'We want US and British' say Mumbai gunmen
MUMBAI (AFP) — The young gunmen roaming the corridors of two luxury hotels in Mumbai were shooting wildly, but they knew exactly what sort of guests they intended to take hostage.
"They told everybody to stop and put their hands up and asked if there were any British or Americans," Alex Chamberlain, a British guest at the Oberoi/Trident hotel, said after fleeing his captors via a fire escape.
"My friend said to me, 'don't be a hero, don't say you are British.'"
Gunmen held an unknown number of hostages inside the hotel and at the iconic Taj Mahal hotel overnight and through much of Thursday.
Chamberlain told Indian television that he and other guests had been herded together by the gunmen and taken up to the upper floors of the hotel.
Rakesh Patel, a guest at the Taj, said that "they were after foreigners, because they were asking for British or American passports."
"They came from the restaurant and took us up the stairs," Patel, a British citizen based in Hong Kong, told the NDTV news channel, his face blackened by smoke.
"They were very young, like boys really, wearing jeans and T-shirts," he said, adding that he and another hostage managed to escape on the 18th floor.
One woman staying at the Taj told how she lay on the floor of one room with 25 other petrified guests as gunmen fought special commandos.
"That was, without doubt, the worst experience of my entire life," she told reporters. "It was a very, very painful six hours.
"We could hear the army coming through the hotel. We heard the firing and the blasts. In the end the firemen broke the windows of the room and we climbed down the ladder."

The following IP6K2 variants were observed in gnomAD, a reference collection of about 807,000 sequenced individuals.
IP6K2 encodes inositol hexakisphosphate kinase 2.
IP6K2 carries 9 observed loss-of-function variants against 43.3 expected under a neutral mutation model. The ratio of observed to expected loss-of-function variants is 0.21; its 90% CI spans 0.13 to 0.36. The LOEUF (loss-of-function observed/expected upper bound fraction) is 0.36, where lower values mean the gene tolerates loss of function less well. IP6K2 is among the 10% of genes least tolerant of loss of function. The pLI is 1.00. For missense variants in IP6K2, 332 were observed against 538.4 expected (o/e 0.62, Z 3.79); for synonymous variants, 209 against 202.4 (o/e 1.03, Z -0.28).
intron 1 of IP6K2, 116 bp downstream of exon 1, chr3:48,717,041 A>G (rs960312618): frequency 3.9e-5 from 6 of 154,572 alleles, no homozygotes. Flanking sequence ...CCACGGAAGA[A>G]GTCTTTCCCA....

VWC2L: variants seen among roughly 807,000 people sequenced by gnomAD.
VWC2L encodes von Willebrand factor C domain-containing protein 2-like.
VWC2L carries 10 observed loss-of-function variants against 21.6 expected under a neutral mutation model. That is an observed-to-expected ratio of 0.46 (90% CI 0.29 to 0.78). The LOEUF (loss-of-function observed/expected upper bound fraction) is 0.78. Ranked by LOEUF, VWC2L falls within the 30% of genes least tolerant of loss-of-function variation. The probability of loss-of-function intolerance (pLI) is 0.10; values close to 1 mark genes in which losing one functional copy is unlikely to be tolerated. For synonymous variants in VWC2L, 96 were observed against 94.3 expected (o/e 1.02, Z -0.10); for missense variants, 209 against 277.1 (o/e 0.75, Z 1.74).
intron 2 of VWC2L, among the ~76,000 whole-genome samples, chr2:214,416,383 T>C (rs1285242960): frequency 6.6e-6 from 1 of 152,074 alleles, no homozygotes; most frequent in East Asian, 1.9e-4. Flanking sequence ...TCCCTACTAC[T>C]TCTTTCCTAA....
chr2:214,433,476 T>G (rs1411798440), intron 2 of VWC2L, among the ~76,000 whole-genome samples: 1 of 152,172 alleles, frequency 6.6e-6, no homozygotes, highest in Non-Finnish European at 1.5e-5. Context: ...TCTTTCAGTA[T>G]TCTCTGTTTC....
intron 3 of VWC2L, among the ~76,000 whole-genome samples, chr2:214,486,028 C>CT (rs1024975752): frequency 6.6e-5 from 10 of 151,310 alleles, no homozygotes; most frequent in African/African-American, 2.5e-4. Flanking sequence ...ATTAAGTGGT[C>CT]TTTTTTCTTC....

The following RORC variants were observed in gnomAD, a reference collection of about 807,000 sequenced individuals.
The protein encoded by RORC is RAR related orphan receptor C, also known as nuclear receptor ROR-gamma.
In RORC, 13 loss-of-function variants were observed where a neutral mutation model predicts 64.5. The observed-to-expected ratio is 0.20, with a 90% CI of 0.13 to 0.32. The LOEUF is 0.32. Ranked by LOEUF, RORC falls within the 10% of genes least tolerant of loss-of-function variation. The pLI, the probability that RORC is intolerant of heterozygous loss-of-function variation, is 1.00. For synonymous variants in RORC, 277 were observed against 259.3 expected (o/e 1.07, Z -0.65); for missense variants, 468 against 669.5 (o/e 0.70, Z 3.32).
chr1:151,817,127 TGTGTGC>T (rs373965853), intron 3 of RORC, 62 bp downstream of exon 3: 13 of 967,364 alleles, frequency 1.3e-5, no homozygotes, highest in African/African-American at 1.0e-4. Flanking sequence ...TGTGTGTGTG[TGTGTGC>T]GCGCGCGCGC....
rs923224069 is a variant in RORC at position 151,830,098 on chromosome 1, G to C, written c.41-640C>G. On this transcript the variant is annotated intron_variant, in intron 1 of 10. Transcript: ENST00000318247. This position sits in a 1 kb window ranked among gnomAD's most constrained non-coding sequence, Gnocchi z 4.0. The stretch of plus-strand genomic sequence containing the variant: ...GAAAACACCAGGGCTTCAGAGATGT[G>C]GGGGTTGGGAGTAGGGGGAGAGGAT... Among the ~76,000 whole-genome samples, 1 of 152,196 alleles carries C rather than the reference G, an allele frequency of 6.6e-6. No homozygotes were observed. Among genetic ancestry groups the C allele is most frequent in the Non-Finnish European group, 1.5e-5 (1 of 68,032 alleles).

Military units stormed the Taj hotel in the early hours of Thursday morning to confront a handful of gunmen armed with assault rifles and grenades.
In the encounter a huge fire broke out at the top of the hotel, trapping some guests.
US citizen Marilyn Ernsteen, who was with her husband Joseph, said they thought the gunfire was fireworks until hotel staff said they should lock themselves in their rooms and turn off the lights.
"I didn't know what was going on. I was terrified," she told AFP.
Taking only her passport and purse, she and her husband, who are from Chicago, escaped from their fourth-floor room Thursday morning through smoky hallways and out a fire exit.
Australian television actress Brooke Satchwell, a former star in the soap opera Neighbours, hid inside a small cupboard when violence erupted at the Taj.
"As I stepped inside the lobby gunshots started to go off," she said. "It was really terrifying. There were people getting shot in the corridor. There was someone dead outside the bathroom."
The head of the Madrid government and a British member of the European Parliament were inside the Taj when the gunmen attacked but escaped unhurt.
"I saw one man on foot carrying a machine gun-type of weapon -- which I then saw him firing from and I saw people hitting the floor, people right next to me," MEP Sajjad Karim was quoted as saying by the BBC.
An Australian student said his girlfriend was shot and wounded when other gunmen stormed the Cafe Leopold restaurant in Mumbai and opened fire.
David Coker, 23, and his partner Katie Anstee, 24, were on holiday to celebrate graduating from university.
"We had literally just ordered and then it seemed like firecrackers -- people were screaming," he told The Courier-Mail newspaper.
Anstee was shot in the leg, with the bullet breaking her femur and exiting through the front of her thigh, while Coker was grazed by a bullet.
"I turned around and she was crawling out the door because she couldn't walk," he said.